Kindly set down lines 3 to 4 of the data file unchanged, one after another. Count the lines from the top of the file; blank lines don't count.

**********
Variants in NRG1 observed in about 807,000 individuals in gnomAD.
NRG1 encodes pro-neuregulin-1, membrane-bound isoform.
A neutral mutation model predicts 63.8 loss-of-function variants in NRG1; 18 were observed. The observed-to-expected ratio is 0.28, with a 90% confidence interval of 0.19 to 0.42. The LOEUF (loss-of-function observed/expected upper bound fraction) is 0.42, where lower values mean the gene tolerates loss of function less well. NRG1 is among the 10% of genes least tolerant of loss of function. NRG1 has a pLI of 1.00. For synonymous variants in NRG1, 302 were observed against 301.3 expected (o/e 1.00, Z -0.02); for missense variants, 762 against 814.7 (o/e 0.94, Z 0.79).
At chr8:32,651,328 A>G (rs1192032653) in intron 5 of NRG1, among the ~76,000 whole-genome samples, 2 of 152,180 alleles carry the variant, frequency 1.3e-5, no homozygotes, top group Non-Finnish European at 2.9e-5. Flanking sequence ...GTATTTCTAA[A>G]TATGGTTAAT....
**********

A neutral mutation model predicts 63.8 loss-of-function variants in NRG1; 18 were observed. The observed-to-expected ratio is 0.28, with a 90% confidence interval of 0.19 to 0.42. The LOEUF (loss-of-function observed/expected upper bound fraction) is 0.42, where lower values mean the gene tolerates loss of function less well. NRG1 is among the 10% of genes least tolerant of loss of function. NRG1 has a pLI of 1.00. For synonymous variants in NRG1, 302 were observed against 301.3 expected (o/e 1.00, Z -0.02); for missense variants, 762 against 814.7 (o/e 0.94, Z 0.79).
At chr8:32,651,328 A>G (rs1192032653) in intron 5 of NRG1, among the ~76,000 whole-genome samples, 2 of 152,180 alleles carry the variant, frequency 1.3e-5, no homozygotes, top group Non-Finnish European at 2.9e-5. Flanking sequence ...GTATTTCTAA[A>G]TATGGTTAAT....